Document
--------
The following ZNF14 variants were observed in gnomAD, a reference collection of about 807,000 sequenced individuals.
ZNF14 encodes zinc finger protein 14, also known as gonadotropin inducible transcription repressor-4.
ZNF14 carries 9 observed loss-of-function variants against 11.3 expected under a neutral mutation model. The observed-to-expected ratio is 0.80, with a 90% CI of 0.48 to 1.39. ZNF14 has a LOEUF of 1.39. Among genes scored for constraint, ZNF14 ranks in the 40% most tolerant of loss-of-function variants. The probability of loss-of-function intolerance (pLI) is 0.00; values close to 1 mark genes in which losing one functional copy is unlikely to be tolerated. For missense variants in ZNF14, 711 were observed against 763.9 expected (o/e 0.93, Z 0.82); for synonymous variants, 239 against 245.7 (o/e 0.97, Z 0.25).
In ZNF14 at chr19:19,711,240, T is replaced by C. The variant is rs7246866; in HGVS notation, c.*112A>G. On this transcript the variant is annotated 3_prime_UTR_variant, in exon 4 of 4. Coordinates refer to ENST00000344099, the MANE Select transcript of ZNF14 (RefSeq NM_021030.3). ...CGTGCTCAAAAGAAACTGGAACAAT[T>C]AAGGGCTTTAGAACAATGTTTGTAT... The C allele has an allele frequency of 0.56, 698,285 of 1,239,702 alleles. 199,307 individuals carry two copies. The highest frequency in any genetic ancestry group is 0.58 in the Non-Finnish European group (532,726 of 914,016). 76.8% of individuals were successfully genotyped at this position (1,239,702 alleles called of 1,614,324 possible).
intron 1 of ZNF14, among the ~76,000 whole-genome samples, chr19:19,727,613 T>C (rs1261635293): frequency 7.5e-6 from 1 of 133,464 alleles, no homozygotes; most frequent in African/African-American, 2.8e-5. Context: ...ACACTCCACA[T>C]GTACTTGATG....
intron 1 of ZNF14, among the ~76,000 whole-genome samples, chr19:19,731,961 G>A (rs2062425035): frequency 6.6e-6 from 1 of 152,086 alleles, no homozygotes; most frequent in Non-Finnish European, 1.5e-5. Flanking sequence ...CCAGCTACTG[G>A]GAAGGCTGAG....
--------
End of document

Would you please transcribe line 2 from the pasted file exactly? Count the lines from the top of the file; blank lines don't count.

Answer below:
ZNF14 encodes zinc finger protein 14, also known as gonadotropin inducible transcription repressor-4.